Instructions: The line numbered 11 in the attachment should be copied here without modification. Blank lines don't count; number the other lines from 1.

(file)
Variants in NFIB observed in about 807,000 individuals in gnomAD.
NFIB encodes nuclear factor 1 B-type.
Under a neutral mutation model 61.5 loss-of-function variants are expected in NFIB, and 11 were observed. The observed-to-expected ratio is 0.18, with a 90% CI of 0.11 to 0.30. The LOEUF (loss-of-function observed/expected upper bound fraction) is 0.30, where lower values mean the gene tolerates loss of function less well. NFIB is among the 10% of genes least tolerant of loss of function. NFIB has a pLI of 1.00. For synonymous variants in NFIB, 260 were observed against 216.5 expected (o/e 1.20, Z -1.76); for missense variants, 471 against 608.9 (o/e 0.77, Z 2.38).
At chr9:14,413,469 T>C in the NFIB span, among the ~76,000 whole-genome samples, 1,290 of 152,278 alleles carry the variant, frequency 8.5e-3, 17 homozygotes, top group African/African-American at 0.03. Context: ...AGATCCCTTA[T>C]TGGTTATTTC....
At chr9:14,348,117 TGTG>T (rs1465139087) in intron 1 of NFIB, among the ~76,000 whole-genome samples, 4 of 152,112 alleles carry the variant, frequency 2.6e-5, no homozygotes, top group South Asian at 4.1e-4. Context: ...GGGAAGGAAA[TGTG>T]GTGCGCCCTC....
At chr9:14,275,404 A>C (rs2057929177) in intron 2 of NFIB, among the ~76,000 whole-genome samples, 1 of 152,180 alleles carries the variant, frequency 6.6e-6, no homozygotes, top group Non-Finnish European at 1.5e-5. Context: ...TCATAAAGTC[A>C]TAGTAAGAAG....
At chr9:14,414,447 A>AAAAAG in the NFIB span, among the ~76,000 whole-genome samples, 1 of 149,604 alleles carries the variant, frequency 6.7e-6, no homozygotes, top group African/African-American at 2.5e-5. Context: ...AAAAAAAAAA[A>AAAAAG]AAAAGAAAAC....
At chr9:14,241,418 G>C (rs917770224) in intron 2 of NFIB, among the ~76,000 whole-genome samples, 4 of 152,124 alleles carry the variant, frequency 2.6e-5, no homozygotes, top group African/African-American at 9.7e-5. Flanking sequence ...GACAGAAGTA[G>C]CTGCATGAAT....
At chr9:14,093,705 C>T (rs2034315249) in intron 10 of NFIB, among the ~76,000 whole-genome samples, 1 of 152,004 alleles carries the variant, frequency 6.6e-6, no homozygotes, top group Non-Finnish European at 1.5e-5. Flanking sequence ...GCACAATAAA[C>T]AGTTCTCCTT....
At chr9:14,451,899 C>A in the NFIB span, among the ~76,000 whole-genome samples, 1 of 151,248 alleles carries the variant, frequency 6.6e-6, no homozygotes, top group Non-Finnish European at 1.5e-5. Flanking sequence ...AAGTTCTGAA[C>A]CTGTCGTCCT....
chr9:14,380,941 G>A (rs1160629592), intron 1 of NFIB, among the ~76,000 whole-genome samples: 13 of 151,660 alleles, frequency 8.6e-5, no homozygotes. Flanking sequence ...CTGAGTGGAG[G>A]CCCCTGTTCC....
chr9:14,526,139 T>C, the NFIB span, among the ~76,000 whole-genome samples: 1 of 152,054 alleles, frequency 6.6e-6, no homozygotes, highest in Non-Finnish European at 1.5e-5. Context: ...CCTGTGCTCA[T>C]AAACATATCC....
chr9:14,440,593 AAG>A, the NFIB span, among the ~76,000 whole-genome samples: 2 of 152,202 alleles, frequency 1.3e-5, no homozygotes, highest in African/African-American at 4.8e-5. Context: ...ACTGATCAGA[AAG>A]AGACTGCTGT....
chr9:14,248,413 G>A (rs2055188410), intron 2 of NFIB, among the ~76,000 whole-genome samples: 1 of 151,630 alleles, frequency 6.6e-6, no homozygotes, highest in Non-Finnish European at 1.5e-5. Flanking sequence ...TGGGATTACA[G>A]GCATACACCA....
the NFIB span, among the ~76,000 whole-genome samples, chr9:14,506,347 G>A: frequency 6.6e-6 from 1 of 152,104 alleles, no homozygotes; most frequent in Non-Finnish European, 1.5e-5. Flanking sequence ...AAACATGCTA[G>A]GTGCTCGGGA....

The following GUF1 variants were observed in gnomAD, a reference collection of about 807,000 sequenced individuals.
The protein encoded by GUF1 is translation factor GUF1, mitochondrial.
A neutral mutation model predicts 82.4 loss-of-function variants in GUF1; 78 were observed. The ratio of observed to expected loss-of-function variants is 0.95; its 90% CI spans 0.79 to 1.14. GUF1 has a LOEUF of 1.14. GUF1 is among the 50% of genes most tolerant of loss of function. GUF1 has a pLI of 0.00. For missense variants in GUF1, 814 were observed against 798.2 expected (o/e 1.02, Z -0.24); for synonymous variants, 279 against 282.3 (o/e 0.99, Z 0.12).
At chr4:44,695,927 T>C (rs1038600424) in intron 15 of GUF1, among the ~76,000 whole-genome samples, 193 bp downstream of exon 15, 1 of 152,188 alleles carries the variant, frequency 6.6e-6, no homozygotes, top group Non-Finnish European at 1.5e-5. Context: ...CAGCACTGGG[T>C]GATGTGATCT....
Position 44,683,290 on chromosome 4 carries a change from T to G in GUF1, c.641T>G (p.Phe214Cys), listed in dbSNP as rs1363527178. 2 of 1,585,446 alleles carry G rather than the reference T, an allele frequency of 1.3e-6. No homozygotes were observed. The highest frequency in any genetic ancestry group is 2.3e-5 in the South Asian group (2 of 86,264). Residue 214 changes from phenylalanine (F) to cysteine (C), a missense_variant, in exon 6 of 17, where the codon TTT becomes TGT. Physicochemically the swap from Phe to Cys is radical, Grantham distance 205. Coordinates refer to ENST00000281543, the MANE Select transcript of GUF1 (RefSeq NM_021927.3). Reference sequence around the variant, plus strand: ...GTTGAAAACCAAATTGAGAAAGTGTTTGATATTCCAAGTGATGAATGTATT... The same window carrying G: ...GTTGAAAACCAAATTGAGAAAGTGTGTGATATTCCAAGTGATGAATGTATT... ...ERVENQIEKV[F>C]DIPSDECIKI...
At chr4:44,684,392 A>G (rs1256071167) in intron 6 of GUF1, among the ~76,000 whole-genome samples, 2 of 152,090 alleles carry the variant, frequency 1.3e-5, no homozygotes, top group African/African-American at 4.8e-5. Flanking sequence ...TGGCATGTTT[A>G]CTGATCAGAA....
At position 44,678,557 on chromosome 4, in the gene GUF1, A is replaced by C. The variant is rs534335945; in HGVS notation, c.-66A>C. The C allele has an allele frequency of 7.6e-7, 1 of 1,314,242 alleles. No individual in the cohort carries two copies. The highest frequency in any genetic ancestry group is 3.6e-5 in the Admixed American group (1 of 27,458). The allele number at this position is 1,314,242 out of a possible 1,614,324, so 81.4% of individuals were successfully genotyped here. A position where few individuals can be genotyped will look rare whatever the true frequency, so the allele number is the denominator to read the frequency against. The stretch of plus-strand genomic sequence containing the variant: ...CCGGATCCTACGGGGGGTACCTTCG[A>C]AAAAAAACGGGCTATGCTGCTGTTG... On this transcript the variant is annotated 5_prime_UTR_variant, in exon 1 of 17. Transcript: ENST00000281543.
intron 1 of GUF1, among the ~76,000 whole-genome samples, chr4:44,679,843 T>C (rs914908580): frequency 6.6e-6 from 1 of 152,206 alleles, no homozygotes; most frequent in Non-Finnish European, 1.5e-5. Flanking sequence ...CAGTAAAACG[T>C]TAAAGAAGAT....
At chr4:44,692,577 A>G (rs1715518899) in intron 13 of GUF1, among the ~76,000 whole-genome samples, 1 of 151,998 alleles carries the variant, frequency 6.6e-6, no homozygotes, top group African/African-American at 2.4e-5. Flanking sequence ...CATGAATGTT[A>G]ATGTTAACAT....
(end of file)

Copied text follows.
chr9:14,380,941 G>A (rs1160629592), intron 1 of NFIB, among the ~76,000 whole-genome samples: 13 of 151,660 alleles, frequency 8.6e-5, no homozygotes. Flanking sequence ...CTGAGTGGAG[G>A]CCCCTGTTCC....